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Two days after the Clásico, and without having still been able to watch the game again, I have decided to cut down the pessimism.

Gonzalo Arroyo Moreno

The Clásico is over. We had been thinking about it for weeks. It had had all our attention since last Wednesday and we lived for it in the few hours before the initial blow. And it's gone, with all our ilussions of beating Barça and giving the decisive hit to this year's Liga BBVA. We were speaking about Clásico Memories on Sunday, before the game started, and I am pretty sure that this is one that we will retain quite easily, although this will be caused by opposite reasons to those we were commenting then.

I have to admit I have been dejected. I was really hoping our team to be successful last Sunday and I was -and I still am- convinced that, on paper, we were the superior side. Perhaps it was this self-confidence what made it so painful. It was our chance to bury them, and we lost it. However, I don't support the widespread opinion that this self-confidence is one of the reasons for us losing the game. On the contrary, I believe that Ancelotti's proposal is based on a certain conviction that Barcelona was the favourite.


Stay together.

Defend as a team.

Attack as a team.

These are Real Madrid's four commandments this season and we hardly saw them last Sunday. The low-pace game we have gotten used to was somewhere else. All our good chances came from individual actions, mostly performed by a heroic Di María. The blunt rock that was the greatest wall to defend our box, the one that did not conceed a single goal last January, stepped up to be splitted into sharp arrows that tried to steal the ball quite deeply into Barça's territory and ferociously hurt them, without bearing in mind the possible snatches a free Messi can throw.

This may sound quite romantic and it worked somehow, since we scored twice and, had Benzema been a bit more precise, we could have been leading by 3-1 or 4-1 by the twenty-fifth minute, but I think it was a terrible idea. Our rival's attacking midfielders (Xavi, Iniesta, Cesc) and Messi had a lot of ball possession below the aforementioned pressing line, and that's nothing but playing with fire. In fact, after the 0-1, Messi had a tremendous mistake in front of Diego López which would have cut our hopes to get a good result if he had scored.

My gut tells me that Ancelotti did not believe that his everyday idea would work against Barcelona and he decided to get into a back and forth game, where he trusted Madrid would take profit of our strikers and Barça's defensive weaknesses. But this was, in my opinion, a bad choice. This team is not built for that and has not shown nearly half the precision it had last year when counterattacking, and, if that was the primary plan, I don't think the players chosen were the best to implement it on the field (did you see Modric in the first half?).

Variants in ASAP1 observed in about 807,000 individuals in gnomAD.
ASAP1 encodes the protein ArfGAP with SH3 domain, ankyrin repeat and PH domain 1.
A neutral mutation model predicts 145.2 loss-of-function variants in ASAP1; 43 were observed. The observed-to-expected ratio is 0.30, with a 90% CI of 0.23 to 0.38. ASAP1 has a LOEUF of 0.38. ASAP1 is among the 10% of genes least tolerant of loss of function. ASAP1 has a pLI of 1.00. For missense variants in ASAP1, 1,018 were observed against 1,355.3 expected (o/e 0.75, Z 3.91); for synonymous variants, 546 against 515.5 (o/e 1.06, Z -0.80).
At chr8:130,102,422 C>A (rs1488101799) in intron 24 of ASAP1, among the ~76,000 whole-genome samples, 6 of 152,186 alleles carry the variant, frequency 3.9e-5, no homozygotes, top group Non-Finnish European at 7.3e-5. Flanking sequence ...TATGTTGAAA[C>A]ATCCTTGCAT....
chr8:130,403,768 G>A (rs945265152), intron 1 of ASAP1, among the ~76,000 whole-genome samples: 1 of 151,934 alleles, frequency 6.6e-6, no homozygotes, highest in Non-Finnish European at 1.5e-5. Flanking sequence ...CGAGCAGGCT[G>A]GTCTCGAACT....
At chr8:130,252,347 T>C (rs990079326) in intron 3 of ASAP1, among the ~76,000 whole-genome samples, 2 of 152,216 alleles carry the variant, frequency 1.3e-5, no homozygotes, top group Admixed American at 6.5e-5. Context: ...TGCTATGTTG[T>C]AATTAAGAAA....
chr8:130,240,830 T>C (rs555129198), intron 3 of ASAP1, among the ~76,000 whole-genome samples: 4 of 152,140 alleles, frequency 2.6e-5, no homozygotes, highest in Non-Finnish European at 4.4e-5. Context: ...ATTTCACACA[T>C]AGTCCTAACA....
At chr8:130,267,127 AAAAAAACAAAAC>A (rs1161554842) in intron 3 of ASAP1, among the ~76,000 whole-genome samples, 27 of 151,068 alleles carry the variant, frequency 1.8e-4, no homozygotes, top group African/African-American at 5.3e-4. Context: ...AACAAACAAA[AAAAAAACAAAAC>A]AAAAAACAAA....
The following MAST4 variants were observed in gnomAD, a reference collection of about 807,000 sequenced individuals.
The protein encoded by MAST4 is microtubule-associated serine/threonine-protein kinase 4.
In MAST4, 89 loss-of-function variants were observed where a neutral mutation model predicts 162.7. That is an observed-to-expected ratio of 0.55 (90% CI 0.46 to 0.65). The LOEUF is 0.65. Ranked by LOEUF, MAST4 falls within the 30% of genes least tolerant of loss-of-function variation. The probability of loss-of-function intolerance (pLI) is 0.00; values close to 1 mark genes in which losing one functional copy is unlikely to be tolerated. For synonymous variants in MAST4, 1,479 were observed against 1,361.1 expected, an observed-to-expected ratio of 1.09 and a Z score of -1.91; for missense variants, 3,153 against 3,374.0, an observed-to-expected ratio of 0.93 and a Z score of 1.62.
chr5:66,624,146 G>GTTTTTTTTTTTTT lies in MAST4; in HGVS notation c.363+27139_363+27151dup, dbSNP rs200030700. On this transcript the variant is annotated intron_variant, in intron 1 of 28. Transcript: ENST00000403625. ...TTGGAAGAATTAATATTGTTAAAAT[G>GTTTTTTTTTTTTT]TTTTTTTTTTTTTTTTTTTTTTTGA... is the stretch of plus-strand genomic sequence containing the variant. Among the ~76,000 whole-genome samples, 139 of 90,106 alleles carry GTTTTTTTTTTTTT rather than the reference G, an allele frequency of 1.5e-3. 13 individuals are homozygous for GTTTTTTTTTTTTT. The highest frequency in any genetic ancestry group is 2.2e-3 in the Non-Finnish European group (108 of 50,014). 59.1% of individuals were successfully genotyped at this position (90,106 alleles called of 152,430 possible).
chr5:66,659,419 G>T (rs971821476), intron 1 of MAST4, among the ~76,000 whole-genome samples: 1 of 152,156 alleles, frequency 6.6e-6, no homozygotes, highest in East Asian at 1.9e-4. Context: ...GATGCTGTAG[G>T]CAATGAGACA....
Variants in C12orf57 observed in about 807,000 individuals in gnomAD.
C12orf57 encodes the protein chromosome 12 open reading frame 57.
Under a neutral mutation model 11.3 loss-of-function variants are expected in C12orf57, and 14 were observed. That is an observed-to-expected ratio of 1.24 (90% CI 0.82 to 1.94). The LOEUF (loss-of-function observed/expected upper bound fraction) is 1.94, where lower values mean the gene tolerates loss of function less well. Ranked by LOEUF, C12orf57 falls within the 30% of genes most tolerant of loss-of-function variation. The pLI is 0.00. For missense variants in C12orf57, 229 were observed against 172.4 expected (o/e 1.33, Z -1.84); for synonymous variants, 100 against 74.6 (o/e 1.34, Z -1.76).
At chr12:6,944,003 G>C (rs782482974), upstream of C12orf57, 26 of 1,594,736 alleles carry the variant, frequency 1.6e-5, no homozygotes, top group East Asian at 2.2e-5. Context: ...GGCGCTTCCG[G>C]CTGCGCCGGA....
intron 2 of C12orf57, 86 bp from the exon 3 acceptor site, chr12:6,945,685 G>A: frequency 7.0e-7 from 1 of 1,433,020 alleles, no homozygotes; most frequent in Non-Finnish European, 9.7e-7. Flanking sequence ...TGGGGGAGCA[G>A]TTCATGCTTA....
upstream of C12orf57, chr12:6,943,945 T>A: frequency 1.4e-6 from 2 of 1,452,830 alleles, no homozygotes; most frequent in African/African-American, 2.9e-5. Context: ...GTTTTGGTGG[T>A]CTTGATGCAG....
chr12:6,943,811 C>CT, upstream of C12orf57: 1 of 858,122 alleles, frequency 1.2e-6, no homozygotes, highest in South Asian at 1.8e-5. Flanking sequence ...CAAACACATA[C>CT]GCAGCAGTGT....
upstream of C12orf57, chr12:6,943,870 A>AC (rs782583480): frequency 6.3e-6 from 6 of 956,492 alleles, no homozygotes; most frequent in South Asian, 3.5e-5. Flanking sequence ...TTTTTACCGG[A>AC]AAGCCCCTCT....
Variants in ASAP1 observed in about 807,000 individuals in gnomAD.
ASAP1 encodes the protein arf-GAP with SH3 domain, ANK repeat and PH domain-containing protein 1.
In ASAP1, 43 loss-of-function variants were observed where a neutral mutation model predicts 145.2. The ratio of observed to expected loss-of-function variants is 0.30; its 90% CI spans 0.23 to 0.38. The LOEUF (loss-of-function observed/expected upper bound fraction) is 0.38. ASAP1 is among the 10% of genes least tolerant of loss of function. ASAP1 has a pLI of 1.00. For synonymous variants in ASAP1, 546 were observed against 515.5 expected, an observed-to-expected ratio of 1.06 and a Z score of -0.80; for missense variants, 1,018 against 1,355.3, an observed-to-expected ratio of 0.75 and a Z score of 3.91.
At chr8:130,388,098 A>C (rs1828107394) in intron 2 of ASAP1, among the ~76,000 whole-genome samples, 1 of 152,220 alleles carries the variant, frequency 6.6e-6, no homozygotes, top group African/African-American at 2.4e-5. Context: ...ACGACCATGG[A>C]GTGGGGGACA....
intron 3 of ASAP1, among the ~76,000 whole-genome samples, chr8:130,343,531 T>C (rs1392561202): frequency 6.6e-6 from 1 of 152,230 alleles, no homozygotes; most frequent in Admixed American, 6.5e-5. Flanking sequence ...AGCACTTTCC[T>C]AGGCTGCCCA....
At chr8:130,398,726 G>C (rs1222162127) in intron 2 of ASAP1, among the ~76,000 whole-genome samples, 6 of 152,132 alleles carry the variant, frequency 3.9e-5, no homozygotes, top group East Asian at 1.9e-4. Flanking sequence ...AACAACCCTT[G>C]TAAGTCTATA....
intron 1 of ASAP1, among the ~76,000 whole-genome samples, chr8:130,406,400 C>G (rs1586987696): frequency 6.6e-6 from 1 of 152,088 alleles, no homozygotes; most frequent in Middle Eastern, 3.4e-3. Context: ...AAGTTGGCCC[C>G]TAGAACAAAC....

Our coach is not the only one to blame, of course, and you all know what I am going to talk about now. I don't remember being so angry at a referee since last Clásico... Well, wait a minute. There seems to be a pattern to explore here.

Oh, now I get it, It was the same Undiano Mallenco in Camp Nou. He robbed us back then and he's awarded the honour of doing it again. And it's being said that he's going to be named the referee for the Copa del Rey final. Fantastic, now we know what we must expect.

Well, I don't actually share this opinion. I don't believe there's any kind of conspiracy to prevent us from winning the league or anything like that, but I do agree that this conception is very common and I find it silly from the Spanish Federation and the Referee Comittees to encourage this sort of views by taking decisions like this. It would have been really easy to choose any other referee to reduce the noise to a 50% of what it is right now. That being said, Undiano's work during the match was awful. I am not going to comment on it, since there's nothing new to add, but you'll agree with me that his influence was decisive to the final result.

There's a counterpart, however. I strongly think that our loss against Barça will be positive for the team. We had reached an state of euphoria after so many consecutive wins that was not sustainable, and I think our coach will be able to handle the new situation to turn it into a positive reinforcement for the team to perform with humility in the Champions League. I believe we are still clear candidates to win La Liga, and we must confirm that by beating Sevilla tomorrow. And, most importantly, I think the experience achieved in this loss will tell Carletto what he must try in the Copa del Rey final. I am pretty sure we'll see the most recognizable version of our team in Mestalla, and this is the one with better options to beat Barça.

So be it.

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